Step 5:

When the furniture piece is completely dry and ready to be staged, place the piece in its proper location. We painted a frame and attached aircraft cable and ribbon to the back. Use a staple gun to secure in place. Hang the frame and use clothespin to hang seeds, inspirational landscape pictures or reminders when to plant seeds.

Fill the drawers with all of your gardening supplies. If moving the completed potting station to an outdoor location, be sure to apply a clear coat of lacquer or protective coating. Be sure to use in a covered area.

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Option #2

Pallet Potting Station for the Overachiever Supplies: :: (30) Framing Screws- We used 6'' flathead Phillips screws :: Handsaw

Step 1:

Step 2:

:: (3) Wood Pallets :: Sand paper :: Drill

Acquire three wood pallets and lightly sand.


Cut one of the pallets in half. Leave the support beam on one half of these pieces. Approximately: 21'' × 48'' The piece with the support beam will be used as the work surface and the smaller piece will become the back vertical surface.


Step 3:

Use the second and third pallets for the legs. Cut off the ends to use as boxed legs. Dimensions approximately: 5.5'' × 40'' × 5''.

Step 4:

Cut four stretchers for the legs out of the support slats from one of the remaining second or third pallets. The dimensions of the pieces we cut are 12'' × 4''. This will depend on the size of your pallet.


Prop up the legs under the work surface to verify. 4 30  Outdoor Design 

Living Guide

Step 5:

While the legs are propped under the work surface, mark and drill holes for the screws. Then proceed by drilling pilot holes for the leg stretchers.  Screw the legs and stretchers in place.

Step 6:

Place the back on top of the work surface with the end facing up (this can be used as a top shelf ). Drill pilot holes for the back, then screw in place.

Step 7:

Sand all edges and apply with a clear coat or leave unfinished.



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ity on the Y94 Rat is a personal e, 93.7FM. You us Morning Playho ngs weekday morni can listen to him w fe s hi In a.m. from 5:45 a.m.-9 ys e time, Rat enjo ar sp of ts en mom g on al , ts provemen making home im . es cip re g tin d adap with cooking an

rs e d i l rS e g r u Turkey B This is a quick and easy recipe that will impress your friends and family with your amazing skills in the kitchen. Using turkey in this recipe is a great way to cut some of the fat out of a traditional burger. There are very few ingredients in the burger patty, but the taste combinations marry well together and create a great flavor explosion. The topping is what takes the whole recipe to the next level – Swiss cheese and crisped pancetta. This recipe may end up being one of your go-to items for entertaining. 1 lb cubed chicken breast • 1 1/3 lb ground turkey (the average weight of one package) • ¼ white onion • 1 clove garlic • ¼ apple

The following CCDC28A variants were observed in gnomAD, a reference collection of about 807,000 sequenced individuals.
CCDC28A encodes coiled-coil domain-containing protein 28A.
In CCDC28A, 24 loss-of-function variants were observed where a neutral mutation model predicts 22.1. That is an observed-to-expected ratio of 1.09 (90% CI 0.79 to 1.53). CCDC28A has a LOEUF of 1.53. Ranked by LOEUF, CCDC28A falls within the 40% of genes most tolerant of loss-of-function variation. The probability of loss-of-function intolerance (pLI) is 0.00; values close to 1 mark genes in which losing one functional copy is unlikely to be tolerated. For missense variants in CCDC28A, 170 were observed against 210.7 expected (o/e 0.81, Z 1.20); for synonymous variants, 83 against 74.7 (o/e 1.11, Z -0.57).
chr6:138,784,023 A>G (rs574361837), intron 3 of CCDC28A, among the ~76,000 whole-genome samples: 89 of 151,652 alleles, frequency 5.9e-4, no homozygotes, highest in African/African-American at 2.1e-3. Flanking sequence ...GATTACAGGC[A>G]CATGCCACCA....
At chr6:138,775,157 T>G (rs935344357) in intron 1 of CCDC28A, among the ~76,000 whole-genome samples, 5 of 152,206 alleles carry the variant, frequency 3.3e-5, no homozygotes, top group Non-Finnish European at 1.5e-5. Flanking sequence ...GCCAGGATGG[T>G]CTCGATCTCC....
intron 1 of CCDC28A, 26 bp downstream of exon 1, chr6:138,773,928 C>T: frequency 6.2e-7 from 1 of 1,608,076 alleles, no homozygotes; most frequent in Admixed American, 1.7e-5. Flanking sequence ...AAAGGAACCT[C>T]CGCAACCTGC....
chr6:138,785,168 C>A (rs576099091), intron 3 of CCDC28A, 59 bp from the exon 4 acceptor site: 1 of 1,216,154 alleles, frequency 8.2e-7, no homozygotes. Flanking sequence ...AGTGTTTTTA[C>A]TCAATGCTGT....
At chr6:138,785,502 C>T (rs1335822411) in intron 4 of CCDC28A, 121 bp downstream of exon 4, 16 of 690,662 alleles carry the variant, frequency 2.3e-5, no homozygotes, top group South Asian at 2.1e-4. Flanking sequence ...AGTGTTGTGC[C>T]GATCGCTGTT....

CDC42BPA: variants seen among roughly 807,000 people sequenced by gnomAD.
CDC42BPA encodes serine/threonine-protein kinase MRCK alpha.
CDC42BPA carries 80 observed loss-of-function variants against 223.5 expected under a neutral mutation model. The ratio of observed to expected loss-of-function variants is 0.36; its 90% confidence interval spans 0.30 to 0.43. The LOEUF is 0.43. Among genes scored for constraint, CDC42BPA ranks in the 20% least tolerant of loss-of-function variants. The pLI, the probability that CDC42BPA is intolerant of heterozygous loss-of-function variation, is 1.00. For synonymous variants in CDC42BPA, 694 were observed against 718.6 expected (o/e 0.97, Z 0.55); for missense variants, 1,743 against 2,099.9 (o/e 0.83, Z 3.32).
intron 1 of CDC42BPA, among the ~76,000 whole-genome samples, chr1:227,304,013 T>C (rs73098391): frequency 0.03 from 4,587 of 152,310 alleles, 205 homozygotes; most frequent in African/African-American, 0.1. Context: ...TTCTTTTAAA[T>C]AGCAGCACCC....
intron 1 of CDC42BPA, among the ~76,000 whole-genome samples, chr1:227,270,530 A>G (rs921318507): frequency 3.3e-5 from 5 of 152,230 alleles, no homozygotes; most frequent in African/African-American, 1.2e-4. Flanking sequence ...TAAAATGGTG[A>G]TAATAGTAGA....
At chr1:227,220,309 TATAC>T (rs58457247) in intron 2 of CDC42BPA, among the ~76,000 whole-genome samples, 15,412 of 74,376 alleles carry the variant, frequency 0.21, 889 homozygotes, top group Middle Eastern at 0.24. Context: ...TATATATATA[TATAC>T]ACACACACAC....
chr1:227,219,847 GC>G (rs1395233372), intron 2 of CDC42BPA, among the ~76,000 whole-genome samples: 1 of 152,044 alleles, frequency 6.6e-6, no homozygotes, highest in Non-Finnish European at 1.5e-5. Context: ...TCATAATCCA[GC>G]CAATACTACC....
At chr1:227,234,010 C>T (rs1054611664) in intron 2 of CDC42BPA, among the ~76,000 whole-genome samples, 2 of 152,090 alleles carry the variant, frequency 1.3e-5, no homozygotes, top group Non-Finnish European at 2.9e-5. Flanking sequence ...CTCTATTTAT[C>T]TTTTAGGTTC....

• • • • •

Splash of lemon juice Salt/Pepper Sliced pancetta Swiss cheese Small/medium buns

Finely chop onion, garlic, and apple. Combine those ingredients in a bowl, add salt/pepper, lemon juice, and ground turkey. Mix well. Form into patties. Crisp the pancetta on a pan in the oven. Cook patties in a large nonstick skillet over medium high heat, approximately three minutes per side, or fire up the grill. Place cheese on patties in the final minutes of cooking. Top with pancetta, place on buns and enjoy!

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e S m i e T n s g a n tions i r p S Kiss Me Agave 2 oz. Avion Silver Tequila 1 oz. Dekuyper White Crèm de Cacao ½ oz. Chambord 1 oz. Half & Half White Chocolate Flakes for rimming (chop white chocolate to create flakes) 3-4 Fresh Raspberries for garnish Add all the ingredients into a cocktail shaker filled with ice and shake for at least 15 seconds to incorporate the Half & Half. Pour into a chilled cocktail glass rimmed with white chocolate, add a spear of fresh raspberries, and serve.